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Inside the Play: Notre Dame

The Situation
Thanks to a pair of fumbles giving the Irish offense short fields, Michigan trails Notre Dame 14-0. Now, a particularly questionable pass interference call on Donovan Warren has resulted in an Irish 1st and 10 on Michigan's 48 yard line. Michigan's defense needs a big stop to prevent the Wolverines from being blown out early.

The Personnel and Formation
The Irish line up with only one wide receiver (Golden Tate). They have two tight ends on the right side of the line, and a weak offset I-formation backfield. This is a clear running formation. To counter, Michigan comes out in their base 4-3. Morgan Trent is the corner lined up over Tate, and Donovan Warren is on the other side. Stevie Brown is 8 yards off the line of scrimmage at free safety, and Brandon Harrison is 15 yards deep as the strong safety.

The Play
Jimmy Clausen gives a play-action fake to Robert Hughes on a counter. Notre Dame leaves 9 men in pass protection, which leaves only one receiver running the route. Golden Tate runs a slant-and-go pattern, cutting in before going straight up the field. Clausen heaves the ball towards Tate, who has 2-3 yards on both Morgan Trent and Brandon Harrison. Tate reels in the ball on the 5 yard line, and waltzes into the endzone untouched.

Why it Worked
The blame for this touchdown does not fall on Stevie Brown. Repeat: Stevie Brown is not culpable. He wasn't exactly stellar the rest of the day, but don't rag on the kid for this touchdown. Our good friend GSimmons (a high school DC who runs Shafer's 3-4 Okie package as his base defense and also knows much more about football than I ever will) lets us know that it appears Michigan is running a read-2 defense, which is a form of cover-2-like-substance. Morgan Trent sees Tate head inside, leading him to believe that Tate will not be a deep vertical threat. Because of this error in judgment, Trent does not cover a deep half, which allows Tate to get behind the defenders. By the time Trent and Harrison realize their error, Tate has enough space to make an easy touchdown grab. Charlie Weis's decided schematic advantage (which apparently is not yakety saks after all) held true this once, as this was a perfect play call against this type of defense.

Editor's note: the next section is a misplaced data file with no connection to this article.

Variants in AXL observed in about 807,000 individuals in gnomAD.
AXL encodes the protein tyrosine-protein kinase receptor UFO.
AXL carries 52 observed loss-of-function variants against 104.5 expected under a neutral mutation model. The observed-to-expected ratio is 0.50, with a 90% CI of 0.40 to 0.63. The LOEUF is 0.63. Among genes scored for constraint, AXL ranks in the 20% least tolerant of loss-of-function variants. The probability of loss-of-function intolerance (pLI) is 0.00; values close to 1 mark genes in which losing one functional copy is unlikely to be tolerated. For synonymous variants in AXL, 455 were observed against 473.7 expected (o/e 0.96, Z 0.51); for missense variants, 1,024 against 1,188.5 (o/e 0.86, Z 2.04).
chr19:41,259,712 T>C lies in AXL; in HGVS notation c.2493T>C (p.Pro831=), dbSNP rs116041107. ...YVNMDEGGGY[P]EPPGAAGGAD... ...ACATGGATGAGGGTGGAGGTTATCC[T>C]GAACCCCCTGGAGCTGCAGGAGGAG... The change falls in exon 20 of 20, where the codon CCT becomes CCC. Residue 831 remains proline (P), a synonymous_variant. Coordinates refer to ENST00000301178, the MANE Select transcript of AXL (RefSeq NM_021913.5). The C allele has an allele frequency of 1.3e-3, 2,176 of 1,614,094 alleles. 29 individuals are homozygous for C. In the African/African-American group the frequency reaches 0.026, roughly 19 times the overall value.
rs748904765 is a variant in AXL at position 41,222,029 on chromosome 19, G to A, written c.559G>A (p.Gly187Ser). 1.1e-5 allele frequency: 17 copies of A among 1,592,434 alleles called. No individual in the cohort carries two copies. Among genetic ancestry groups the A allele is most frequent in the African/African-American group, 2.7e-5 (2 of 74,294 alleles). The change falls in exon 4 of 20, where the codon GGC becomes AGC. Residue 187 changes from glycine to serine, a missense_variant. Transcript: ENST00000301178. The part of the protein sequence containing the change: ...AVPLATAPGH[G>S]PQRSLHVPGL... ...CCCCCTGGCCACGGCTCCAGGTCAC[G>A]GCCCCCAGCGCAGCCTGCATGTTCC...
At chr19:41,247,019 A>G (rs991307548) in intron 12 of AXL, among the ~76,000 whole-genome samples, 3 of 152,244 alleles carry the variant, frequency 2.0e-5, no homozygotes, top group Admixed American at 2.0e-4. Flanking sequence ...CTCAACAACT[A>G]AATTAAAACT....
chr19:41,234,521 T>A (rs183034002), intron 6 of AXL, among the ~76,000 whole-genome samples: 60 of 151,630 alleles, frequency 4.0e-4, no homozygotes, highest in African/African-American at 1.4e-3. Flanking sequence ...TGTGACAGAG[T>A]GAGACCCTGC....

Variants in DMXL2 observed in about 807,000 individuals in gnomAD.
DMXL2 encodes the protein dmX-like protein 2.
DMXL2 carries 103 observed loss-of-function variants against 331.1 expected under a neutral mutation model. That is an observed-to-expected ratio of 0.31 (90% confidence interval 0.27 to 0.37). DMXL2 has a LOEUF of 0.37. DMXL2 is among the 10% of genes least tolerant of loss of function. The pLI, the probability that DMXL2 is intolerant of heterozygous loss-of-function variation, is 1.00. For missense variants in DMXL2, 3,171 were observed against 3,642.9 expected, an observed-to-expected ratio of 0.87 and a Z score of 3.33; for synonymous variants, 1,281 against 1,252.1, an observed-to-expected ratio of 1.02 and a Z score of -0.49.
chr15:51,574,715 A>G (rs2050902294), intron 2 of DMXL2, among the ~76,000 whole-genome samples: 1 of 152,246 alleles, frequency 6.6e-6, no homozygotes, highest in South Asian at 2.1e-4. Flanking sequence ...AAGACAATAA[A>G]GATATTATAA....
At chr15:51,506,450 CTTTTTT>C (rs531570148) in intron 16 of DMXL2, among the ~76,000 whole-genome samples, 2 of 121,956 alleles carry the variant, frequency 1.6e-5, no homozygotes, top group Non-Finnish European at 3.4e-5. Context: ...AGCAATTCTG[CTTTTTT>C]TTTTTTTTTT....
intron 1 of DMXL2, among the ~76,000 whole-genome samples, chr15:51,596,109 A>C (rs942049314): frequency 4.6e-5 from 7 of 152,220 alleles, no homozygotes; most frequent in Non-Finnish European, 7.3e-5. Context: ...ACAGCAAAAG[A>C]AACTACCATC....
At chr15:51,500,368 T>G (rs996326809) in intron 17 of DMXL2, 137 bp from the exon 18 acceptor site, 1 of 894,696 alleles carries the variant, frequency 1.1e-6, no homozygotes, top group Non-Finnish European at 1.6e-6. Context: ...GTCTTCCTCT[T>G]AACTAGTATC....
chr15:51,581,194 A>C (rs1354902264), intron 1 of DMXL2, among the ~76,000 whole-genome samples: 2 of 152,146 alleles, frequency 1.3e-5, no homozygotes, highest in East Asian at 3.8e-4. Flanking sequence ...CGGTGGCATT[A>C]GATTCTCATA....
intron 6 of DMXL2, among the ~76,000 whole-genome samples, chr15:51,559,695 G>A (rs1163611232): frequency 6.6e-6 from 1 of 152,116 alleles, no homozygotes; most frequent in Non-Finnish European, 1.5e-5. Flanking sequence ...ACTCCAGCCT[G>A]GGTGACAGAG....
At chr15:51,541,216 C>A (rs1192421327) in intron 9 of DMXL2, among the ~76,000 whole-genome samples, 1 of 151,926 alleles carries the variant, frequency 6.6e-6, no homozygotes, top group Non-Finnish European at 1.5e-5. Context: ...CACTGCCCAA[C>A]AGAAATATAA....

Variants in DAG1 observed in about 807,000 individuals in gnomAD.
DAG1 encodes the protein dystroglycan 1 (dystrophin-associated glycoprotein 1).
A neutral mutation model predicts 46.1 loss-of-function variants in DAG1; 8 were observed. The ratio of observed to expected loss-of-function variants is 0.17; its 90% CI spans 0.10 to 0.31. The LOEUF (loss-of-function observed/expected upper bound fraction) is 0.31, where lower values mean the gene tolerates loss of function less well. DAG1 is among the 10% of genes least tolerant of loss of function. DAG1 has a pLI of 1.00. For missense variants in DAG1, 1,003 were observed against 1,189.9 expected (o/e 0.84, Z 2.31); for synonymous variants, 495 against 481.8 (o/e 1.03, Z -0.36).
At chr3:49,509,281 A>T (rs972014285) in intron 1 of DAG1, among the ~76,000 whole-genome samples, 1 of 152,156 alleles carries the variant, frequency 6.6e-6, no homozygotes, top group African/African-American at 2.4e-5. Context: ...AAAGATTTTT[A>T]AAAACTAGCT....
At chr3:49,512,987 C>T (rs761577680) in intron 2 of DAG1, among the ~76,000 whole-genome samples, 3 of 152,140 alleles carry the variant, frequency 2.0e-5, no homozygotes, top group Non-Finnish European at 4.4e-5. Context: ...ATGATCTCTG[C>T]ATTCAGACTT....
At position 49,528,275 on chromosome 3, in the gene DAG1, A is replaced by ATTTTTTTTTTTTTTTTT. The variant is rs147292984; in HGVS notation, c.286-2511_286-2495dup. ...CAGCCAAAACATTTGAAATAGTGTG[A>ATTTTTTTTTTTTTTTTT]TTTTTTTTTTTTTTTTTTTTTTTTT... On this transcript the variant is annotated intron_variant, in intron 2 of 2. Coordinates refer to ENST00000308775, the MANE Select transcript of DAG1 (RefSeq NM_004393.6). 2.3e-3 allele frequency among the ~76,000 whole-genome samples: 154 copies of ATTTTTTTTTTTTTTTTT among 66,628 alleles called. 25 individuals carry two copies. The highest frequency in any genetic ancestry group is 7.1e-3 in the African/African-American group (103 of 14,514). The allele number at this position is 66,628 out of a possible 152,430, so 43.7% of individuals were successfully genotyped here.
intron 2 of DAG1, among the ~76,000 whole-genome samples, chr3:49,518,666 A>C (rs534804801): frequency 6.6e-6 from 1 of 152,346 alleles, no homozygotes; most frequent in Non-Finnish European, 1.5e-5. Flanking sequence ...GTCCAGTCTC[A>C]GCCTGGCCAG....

Now you know what it was like Inside the Play.

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“Inside the Play: Notre Dame”

  1. Blogger The Original C Says:

    I still don;t know what the hell happened, Simmo is now saying a 3 deep coverage could also be the case. Its hard to say because of Warren staying close to the LOS the entire time. So it seems like Harrison Trent and Brown were the only ones with intermediate to deep responsibilities. If Trent has deep responsibility then he should have bailed to about 15 yards after snap, but the fact he didn't (you could see him shuffling a little bit in the endzone view). As a deep zone player you are never told to worry about shorter routes. Plus Brown, assuming he had short zone responsibility, never even bothered to disrupt the Tate route, he was busy watching the back field.

    Quoting Simmo...."Safeties are playing a two read concept. On the snap of the ball, the are buzzing their feet, reading number 2 receiver and their regular run/pass reads (qb, ol rb's etc) if number 2 "pushes their heels" that is, becomes a vertical threat, then they will play their deep quarter... if number 2 however, does not become a vertical threat (slant, out, stop, etc) then the safety, looks to rob the deep curl zone. turning his eyes to the number 1 receiver, he can play underneath a vertical route"...

    Since no 2 was never released Brown should have latched on to no 1 and should have at least redirected him or cause some form of route disruption. But Stevie did nothing and you don;t need to be a cover 4 safety to do this....so this was a major screw up by Trent while Brown contributed in his own small way.

  2. Blogger gsimmons85 Says:

    Yeah C,

    what im saying is that it could be several different coverages, but in each of theose coverages, i dont see Stevie brown being responsible for a deep zone, if its man, he has back out of the backfield, if its three rolll, he has flats, if its 2 read, he has undernieth responsiblity, one thing for sure, its not a deep quarter zone, you can tell by his allignment, and his eyes.... I still think, if im coaching this game. Harrison would be the goat if its a three roll, becaue he looks to be the 3rd deep guy, trent gets the goat, if its two read (like you said Brown could have at least bumped him a bit) but in all of them trent is not constricting the zone...